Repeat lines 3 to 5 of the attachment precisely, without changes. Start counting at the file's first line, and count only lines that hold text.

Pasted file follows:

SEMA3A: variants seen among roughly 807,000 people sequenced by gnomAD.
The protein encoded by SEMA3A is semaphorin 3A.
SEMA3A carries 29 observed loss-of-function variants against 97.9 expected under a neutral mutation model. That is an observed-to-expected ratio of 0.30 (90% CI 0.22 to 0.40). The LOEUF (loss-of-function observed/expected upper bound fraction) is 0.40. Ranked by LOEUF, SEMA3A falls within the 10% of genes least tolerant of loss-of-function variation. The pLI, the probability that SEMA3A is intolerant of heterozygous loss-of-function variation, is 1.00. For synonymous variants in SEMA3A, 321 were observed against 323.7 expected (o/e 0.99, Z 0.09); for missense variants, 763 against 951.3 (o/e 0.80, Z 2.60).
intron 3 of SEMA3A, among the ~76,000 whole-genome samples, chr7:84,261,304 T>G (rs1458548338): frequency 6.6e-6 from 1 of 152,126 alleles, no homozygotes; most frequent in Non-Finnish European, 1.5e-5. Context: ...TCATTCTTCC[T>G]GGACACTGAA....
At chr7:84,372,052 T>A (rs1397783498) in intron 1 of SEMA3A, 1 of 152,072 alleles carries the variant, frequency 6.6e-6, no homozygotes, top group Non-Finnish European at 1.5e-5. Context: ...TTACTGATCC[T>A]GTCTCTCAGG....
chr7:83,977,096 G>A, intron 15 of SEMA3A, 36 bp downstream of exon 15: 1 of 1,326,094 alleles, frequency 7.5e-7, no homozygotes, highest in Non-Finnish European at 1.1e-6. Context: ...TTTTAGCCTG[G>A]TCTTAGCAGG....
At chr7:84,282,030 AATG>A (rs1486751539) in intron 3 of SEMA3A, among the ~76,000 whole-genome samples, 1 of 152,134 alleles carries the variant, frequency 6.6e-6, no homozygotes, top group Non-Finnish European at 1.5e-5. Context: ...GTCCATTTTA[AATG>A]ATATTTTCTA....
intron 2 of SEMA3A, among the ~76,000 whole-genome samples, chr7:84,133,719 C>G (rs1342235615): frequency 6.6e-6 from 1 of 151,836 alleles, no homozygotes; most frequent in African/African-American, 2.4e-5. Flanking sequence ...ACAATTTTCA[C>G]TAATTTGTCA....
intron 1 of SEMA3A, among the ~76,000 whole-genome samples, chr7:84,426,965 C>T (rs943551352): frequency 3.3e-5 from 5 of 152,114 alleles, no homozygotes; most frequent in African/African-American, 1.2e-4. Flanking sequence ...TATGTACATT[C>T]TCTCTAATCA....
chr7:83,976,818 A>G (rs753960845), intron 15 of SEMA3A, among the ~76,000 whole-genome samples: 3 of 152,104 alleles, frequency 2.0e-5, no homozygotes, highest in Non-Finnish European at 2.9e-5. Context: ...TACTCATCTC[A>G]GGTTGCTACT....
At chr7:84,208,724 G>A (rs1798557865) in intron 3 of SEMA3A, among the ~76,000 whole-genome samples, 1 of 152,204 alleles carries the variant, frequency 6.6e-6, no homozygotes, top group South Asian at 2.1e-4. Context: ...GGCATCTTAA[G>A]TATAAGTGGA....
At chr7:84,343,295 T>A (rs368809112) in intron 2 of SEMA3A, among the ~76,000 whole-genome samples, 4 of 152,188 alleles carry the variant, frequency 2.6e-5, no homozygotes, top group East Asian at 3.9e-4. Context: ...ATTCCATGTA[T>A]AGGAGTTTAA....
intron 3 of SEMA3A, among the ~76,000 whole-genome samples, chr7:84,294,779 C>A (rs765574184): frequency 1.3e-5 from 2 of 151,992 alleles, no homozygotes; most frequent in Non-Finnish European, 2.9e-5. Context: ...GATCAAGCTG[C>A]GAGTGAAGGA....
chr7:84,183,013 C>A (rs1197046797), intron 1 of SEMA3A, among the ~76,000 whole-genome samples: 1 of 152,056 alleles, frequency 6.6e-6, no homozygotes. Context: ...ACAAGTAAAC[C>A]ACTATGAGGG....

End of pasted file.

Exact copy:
SEMA3A carries 29 observed loss-of-function variants against 97.9 expected under a neutral mutation model. That is an observed-to-expected ratio of 0.30 (90% CI 0.22 to 0.40). The LOEUF (loss-of-function observed/expected upper bound fraction) is 0.40. Ranked by LOEUF, SEMA3A falls within the 10% of genes least tolerant of loss-of-function variation. The pLI, the probability that SEMA3A is intolerant of heterozygous loss-of-function variation, is 1.00. For synonymous variants in SEMA3A, 321 were observed against 323.7 expected (o/e 0.99, Z 0.09); for missense variants, 763 against 951.3 (o/e 0.80, Z 2.60).
intron 3 of SEMA3A, among the ~76,000 whole-genome samples, chr7:84,261,304 T>G (rs1458548338): frequency 6.6e-6 from 1 of 152,126 alleles, no homozygotes; most frequent in Non-Finnish European, 1.5e-5. Context: ...TCATTCTTCC[T>G]GGACACTGAA....
At chr7:84,372,052 T>A (rs1397783498) in intron 1 of SEMA3A, 1 of 152,072 alleles carries the variant, frequency 6.6e-6, no homozygotes, top group Non-Finnish European at 1.5e-5. Context: ...TTACTGATCC[T>A]GTCTCTCAGG....